Grandma Flew Spitfires
PUBLISHED: 14:15 13 October 2011 | UPDATED: 20:07 20 February 2013
HRH Prince Michael of Kent will open Maidenhead Heritage Centre's new Grandma Flew Spitfires exhibition on Wednesday, October 19 at 11 am.
In the presence of the largest gathering of Air Transport Auxiliary (ATA) veterans since the Veterans Medal was awarded in September 2008, HRH Prince Michael of Kent will officially open the Maidenhead Heritage Centres new Grandma Flew Spitfires exhibition on Wednesday, October 19 at 11 am.
Over 20 ATA men and women, including pilots, flight engineers, ground engineers, parachute packers and ATC cadets who flew as pilots assistants will be attendance to celebrate the new 100,000 Grandma Flew Spitfires exhibition and archive, which remembers the courage, skill and sacrifice of ATA.
Were delighted to say that the November issue will have a superb feature with interviews and previously unpublished photos on this exhibition, so look out for that in newsagents and local stores.
The Grandma Flew Spitfires project keeps history alive and shines a light on one of the least known but most inspiring stories of bravery and courage during World War II, when the civilian men and women of ATA kept the supply of aircraft flowing to front line airfields for Royal Air Force and Royal Navy pilots to fly into battle.
The new permanent exhibition and archive, which is backed by a 50,000 grant from the Heritage Lottery Fund (HLF), charts the achievements of 1200 brave and determined ATA pilots, including 168 women. Unarmed, without radios or navigation aids and at the mercy of the weather, they ferried 309,000 warplanes between factories and front line airfields.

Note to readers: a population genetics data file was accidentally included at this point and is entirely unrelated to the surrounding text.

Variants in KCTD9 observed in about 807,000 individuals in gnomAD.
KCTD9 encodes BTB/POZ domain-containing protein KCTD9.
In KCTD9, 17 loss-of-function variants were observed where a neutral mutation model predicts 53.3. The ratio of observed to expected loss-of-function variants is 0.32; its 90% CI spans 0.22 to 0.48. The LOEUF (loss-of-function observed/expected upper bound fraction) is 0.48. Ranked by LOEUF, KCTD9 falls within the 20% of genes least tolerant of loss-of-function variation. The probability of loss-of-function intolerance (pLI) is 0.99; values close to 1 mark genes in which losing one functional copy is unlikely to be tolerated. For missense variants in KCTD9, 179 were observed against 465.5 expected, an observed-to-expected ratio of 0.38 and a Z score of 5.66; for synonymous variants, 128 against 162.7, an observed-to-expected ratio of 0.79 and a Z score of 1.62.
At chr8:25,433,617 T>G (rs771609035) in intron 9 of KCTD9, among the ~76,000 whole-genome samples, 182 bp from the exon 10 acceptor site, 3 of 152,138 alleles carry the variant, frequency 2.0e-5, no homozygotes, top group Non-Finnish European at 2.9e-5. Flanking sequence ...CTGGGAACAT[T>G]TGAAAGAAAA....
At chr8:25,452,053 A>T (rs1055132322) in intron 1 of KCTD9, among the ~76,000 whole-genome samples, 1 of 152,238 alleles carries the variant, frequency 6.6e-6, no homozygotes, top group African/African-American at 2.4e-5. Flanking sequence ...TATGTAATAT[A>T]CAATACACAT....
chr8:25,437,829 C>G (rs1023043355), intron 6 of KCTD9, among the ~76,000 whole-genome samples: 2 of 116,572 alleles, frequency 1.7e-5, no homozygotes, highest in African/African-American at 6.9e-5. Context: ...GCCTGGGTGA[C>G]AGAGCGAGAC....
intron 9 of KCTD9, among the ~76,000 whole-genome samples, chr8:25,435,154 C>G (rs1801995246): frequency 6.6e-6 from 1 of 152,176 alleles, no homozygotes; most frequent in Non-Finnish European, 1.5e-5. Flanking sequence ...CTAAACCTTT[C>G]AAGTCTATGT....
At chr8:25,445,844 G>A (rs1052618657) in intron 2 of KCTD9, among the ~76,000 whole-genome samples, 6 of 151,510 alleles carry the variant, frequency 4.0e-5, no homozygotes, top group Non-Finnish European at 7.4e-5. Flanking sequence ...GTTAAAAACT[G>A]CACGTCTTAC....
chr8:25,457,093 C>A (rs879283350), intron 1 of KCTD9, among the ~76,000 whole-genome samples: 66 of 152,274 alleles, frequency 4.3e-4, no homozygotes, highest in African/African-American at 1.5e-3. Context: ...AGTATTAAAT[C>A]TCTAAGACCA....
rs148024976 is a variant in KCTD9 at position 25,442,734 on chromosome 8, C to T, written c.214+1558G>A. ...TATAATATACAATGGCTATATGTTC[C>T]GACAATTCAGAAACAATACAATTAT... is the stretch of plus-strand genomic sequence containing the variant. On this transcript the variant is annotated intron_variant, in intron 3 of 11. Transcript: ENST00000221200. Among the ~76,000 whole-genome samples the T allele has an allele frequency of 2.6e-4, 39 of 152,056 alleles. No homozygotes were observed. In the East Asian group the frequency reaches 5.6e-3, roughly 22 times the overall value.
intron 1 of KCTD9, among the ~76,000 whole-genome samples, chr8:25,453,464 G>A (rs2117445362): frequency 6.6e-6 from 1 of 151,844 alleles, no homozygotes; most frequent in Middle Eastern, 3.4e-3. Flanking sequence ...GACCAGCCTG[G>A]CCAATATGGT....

Richard Poad, aviation historian and Chairman of Maidenhead Heritage Centre, says: We are delighted to be welcoming our Patron and a great supporter of aviation history, HRH Prince Michael of Kent to officially open our new Grandma Flew Spitfires exhibition and archive which records, preserves and celebrates the fascinating heritage of ATA.
Based at 13 airfields around Britain, including ATAs headquarters at White Waltham just outside Maidenhead, ATAs pilots from 25 different nations flew scores of different types of aircraft, ranging from Tiger Moth trainers to Spitfires and Lancaster bombers. Often they had to fly a type they had never even seen before. They are some of the unsung heroes of the war, especially as most of them had only flown light aircraft before they joined ATA.
The Grandma Flew Spitfires project has required a major fund-raising effort and involved hundreds of hours of volunteer time. The displays have been designed by a local firm Kersey & Balme, who have previously worked with Museum of Reading, Eton College and Marlow Museum.
Grandma Flew Spitfires features ATA uniforms, flying equipment, wartime maps, logbooks, aircraft models and scores of photographs and includes recorded interviews with ATA veterans. Displays explain how an aeroplane works and amateur civilian pilots were trained to fly planes they might never have seen before. Interactive displays range from a map tracing a days work for an ATA pilot to a Spitfire simulator (sponsored by the Spitfire Society and the Leonard Stillwell Bequest), permitting visitors to step back 70 years and have a go at flying the iconic World War II fighter aircraft.
ATA veteran Peter Garrod, who served with ATA for four years, including 18 months at White Waltham, adds: The tremendous achievements of ATA men and women during the Second World War have largely been forgotten. With no weapons, no radios and at the mercy of the great British weather, we flew Spitfires, Hurricanes, Tempests, Mosquitos, Wellingtons, Lancasters and many other warplanes from factories to front line squadrons. We veterans are delighted to support Maidenhead Heritage Centres project. It brings our contribution to victory back to life so that our grandchildren, great grand children and future generations can learn all about our particular war effort.
For more information contact Maidenhead Heritage Centre at email@example.com Tel 01628 780555 or write to 18 Park Street, Maidenhead SL6 1SL.